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This review is taken from PN Review 51, Volume 13 Number 1, September - October 1986.

HER VOCATION Natalia Ginzburg, The Little Virtues (Carcanet) £6.95

The belated appearance in English of Natalia Ginzburg's collection of prose pieces The Little Virtues (first published in 1962) comes less than a year after the publication in Italy of her most recent novel, La città e la casa. Re-reading the earlier work and discovering the new, one is struck by Ginzburg's extraordinary consistency across so many years, a consistency of theme, of approach and above all, of charm and quality. There is the same beautifully limpid prose, the same exquisite, lightly ironic power of observation, the same moral commitment and passion.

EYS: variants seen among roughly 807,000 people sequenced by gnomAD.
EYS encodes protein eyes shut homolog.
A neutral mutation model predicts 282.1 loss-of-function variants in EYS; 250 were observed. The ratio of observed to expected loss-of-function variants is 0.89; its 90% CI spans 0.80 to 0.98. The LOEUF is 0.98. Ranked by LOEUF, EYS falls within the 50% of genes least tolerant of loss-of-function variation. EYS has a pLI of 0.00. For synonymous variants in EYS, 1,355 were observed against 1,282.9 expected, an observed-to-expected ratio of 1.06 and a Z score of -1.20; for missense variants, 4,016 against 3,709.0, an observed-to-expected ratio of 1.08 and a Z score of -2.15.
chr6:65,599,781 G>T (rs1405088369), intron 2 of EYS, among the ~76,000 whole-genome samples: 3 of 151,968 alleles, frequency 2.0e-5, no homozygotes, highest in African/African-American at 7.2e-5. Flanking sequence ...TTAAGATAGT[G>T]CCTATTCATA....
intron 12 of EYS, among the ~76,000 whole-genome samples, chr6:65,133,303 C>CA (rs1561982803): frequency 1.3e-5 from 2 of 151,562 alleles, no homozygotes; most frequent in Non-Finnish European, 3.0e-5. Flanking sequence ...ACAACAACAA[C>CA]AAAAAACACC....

All Ginzburg's novels, as likewise the sparkling biography of her own family and again the study of Manzoni's family, could be described as vehicles for savouring and appreciating character - not the interiorized, psychologically analysed individual of so much modern literature, but character as it operates within a group, as it emerges in the gestures, dialogue and action of everyday. Asked about this absence of psychological analysis and interiorization, Ginzburg explains modestly that she 'uses the tools she knows best': reporting striking physical details, dress styles, repeated gestures and phrases, an intimacy can quickly be created and this is ground she can feel secure on; a psychological approach on the other hand would seem more flimsy, and, most of all, would not convey our experience of what it is to be with people, which is that we live with them in great intimacy while at the same time they remain a mystery. The lifted eyebrow, ...


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